Where are the brave politicians? They’re the ones who’ll be remembered.
My alarm clock radio springs into life every morning and tells me about a new promise from one party or another. It’s then immediately countered by an opponent telling you why it won’t work. If I heard a bright shiny housing promise I might not drift off back to sleep until the sports news. Maybe they’ve all got plans so cunning they’ll only be revealed just before 7 May, for maximum impact? After all, they’ve each accepted there’s a housing crisis.
So far it’s sound bites rather than policies. Yet the case for building more homes is proven. Is it that it’s too difficult to agree where they’ll be built? Uber-architect Richard Rogers has said “We don’t need to overflow into new towns on greenfield sites until we’ve made the most of brownfield.” That’s sensible. But maybe we need to adopt new town tactics and establish development corporations in key areas with specific powers. Then we could achieve housing targets more rapidly whilst ensuring that infrastructure is effective, enabling integration and connectivity with employment, education, transport and leisure.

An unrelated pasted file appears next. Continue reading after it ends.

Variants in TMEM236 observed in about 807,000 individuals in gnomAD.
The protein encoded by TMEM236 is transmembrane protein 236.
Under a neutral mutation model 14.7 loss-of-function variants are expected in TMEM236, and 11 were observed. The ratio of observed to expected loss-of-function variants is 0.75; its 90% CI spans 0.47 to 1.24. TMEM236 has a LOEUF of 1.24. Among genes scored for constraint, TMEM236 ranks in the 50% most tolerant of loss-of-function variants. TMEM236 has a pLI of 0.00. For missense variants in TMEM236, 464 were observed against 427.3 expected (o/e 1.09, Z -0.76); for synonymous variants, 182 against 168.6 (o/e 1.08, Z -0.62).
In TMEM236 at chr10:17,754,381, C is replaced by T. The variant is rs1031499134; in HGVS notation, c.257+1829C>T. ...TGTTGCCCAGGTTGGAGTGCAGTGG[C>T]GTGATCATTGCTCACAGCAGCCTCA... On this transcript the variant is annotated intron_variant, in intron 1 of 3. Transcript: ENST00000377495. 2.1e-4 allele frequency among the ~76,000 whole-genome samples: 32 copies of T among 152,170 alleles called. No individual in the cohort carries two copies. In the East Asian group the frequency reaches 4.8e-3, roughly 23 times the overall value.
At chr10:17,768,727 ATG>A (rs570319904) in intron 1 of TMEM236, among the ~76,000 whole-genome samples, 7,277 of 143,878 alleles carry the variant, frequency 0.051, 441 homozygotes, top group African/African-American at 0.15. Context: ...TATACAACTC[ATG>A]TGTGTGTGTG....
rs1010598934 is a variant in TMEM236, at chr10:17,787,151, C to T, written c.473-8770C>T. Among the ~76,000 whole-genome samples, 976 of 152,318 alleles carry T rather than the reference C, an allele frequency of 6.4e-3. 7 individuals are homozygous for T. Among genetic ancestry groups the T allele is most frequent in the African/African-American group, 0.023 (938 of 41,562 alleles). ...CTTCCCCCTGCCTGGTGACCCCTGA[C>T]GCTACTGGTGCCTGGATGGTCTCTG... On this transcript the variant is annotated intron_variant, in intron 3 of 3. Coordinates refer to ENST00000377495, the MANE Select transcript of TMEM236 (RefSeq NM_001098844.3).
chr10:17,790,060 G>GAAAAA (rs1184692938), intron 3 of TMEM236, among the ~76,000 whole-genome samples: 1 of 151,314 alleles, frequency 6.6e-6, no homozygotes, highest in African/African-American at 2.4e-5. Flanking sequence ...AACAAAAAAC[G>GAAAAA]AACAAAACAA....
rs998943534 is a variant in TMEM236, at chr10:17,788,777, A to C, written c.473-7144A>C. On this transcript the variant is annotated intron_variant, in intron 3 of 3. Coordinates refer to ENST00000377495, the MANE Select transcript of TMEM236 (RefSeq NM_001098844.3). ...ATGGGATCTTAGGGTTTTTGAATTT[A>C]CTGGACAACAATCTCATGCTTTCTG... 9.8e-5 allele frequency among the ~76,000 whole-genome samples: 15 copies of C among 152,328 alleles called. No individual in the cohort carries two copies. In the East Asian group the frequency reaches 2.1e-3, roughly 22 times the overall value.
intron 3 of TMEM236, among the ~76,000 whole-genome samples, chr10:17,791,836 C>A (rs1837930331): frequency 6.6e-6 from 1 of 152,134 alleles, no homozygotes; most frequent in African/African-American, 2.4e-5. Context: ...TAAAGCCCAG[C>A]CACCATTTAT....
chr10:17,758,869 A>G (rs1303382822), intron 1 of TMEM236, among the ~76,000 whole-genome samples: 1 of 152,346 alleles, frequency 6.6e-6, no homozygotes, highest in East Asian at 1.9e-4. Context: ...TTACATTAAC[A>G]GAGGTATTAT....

A majority of people responding to a recent survey didn’t want to see building on green belt land even if it’s of “little environmental or no amenity use”. That’s essentially wasteland and tells you this can’t be left to ‘the people’. This crisis requires leadership. Last year in Wales we built 1,850 affordable homes. Yet it’s estimated that we need 14,200 new homes a year to meet current housing demand. The average house price in Wales may be lower than the UK average at £170k, but the average salary is lower at only £24k, meaning seven times their salary to get on the property ladder. Our children deserve better. So where are the brave politicians? They’re the ones who’ll be remembered.
Support Homes for Britain online